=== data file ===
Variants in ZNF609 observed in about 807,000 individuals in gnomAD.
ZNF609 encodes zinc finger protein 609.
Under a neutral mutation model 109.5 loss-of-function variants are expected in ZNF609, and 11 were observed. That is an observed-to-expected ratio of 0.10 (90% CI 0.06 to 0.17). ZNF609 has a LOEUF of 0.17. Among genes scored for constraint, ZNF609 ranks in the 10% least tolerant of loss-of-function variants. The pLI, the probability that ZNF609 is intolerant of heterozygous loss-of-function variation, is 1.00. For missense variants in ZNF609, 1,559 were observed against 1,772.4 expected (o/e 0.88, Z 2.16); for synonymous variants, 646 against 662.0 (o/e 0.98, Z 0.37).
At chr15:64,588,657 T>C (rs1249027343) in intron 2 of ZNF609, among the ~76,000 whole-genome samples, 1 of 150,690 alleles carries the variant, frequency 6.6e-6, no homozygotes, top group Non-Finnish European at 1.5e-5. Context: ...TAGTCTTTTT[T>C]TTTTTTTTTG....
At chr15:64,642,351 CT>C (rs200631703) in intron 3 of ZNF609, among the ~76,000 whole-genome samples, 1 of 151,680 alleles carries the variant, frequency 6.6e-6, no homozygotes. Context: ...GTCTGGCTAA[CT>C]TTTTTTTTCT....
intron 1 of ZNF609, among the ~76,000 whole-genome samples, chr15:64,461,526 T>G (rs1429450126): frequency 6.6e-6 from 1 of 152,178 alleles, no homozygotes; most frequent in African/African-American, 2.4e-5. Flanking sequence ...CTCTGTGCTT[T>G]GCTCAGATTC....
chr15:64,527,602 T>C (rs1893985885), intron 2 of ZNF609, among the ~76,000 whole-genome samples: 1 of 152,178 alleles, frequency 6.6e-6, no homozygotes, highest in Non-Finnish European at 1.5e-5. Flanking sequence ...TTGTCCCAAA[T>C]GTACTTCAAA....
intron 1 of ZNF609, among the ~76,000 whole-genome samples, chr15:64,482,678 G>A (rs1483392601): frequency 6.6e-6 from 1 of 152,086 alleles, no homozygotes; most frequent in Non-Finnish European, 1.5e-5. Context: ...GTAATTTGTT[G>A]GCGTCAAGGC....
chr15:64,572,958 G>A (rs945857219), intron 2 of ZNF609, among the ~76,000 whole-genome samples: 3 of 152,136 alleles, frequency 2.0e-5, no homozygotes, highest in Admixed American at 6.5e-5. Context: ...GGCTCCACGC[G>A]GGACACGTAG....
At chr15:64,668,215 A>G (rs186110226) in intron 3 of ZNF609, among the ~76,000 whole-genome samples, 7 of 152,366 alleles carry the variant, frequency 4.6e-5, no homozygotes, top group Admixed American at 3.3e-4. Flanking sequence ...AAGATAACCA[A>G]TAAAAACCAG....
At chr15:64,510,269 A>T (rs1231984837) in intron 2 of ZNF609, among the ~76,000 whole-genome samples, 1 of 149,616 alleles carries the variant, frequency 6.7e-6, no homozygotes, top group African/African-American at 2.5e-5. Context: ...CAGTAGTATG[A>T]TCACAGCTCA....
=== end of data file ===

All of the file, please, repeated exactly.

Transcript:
Variants in ZNF609 observed in about 807,000 individuals in gnomAD.
ZNF609 encodes zinc finger protein 609.
Under a neutral mutation model 109.5 loss-of-function variants are expected in ZNF609, and 11 were observed. That is an observed-to-expected ratio of 0.10 (90% CI 0.06 to 0.17). ZNF609 has a LOEUF of 0.17. Among genes scored for constraint, ZNF609 ranks in the 10% least tolerant of loss-of-function variants. The pLI, the probability that ZNF609 is intolerant of heterozygous loss-of-function variation, is 1.00. For missense variants in ZNF609, 1,559 were observed against 1,772.4 expected (o/e 0.88, Z 2.16); for synonymous variants, 646 against 662.0 (o/e 0.98, Z 0.37).
At chr15:64,588,657 T>C (rs1249027343) in intron 2 of ZNF609, among the ~76,000 whole-genome samples, 1 of 150,690 alleles carries the variant, frequency 6.6e-6, no homozygotes, top group Non-Finnish European at 1.5e-5. Context: ...TAGTCTTTTT[T>C]TTTTTTTTTG....
At chr15:64,642,351 CT>C (rs200631703) in intron 3 of ZNF609, among the ~76,000 whole-genome samples, 1 of 151,680 alleles carries the variant, frequency 6.6e-6, no homozygotes. Context: ...GTCTGGCTAA[CT>C]TTTTTTTTCT....
intron 1 of ZNF609, among the ~76,000 whole-genome samples, chr15:64,461,526 T>G (rs1429450126): frequency 6.6e-6 from 1 of 152,178 alleles, no homozygotes; most frequent in African/African-American, 2.4e-5. Flanking sequence ...CTCTGTGCTT[T>G]GCTCAGATTC....
chr15:64,527,602 T>C (rs1893985885), intron 2 of ZNF609, among the ~76,000 whole-genome samples: 1 of 152,178 alleles, frequency 6.6e-6, no homozygotes, highest in Non-Finnish European at 1.5e-5. Flanking sequence ...TTGTCCCAAA[T>C]GTACTTCAAA....
intron 1 of ZNF609, among the ~76,000 whole-genome samples, chr15:64,482,678 G>A (rs1483392601): frequency 6.6e-6 from 1 of 152,086 alleles, no homozygotes; most frequent in Non-Finnish European, 1.5e-5. Context: ...GTAATTTGTT[G>A]GCGTCAAGGC....
chr15:64,572,958 G>A (rs945857219), intron 2 of ZNF609, among the ~76,000 whole-genome samples: 3 of 152,136 alleles, frequency 2.0e-5, no homozygotes, highest in Admixed American at 6.5e-5. Context: ...GGCTCCACGC[G>A]GGACACGTAG....
At chr15:64,668,215 A>G (rs186110226) in intron 3 of ZNF609, among the ~76,000 whole-genome samples, 7 of 152,366 alleles carry the variant, frequency 4.6e-5, no homozygotes, top group Admixed American at 3.3e-4. Flanking sequence ...AAGATAACCA[A>G]TAAAAACCAG....
At chr15:64,510,269 A>T (rs1231984837) in intron 2 of ZNF609, among the ~76,000 whole-genome samples, 1 of 149,616 alleles carries the variant, frequency 6.7e-6, no homozygotes, top group African/African-American at 2.5e-5. Context: ...CAGTAGTATG[A>T]TCACAGCTCA....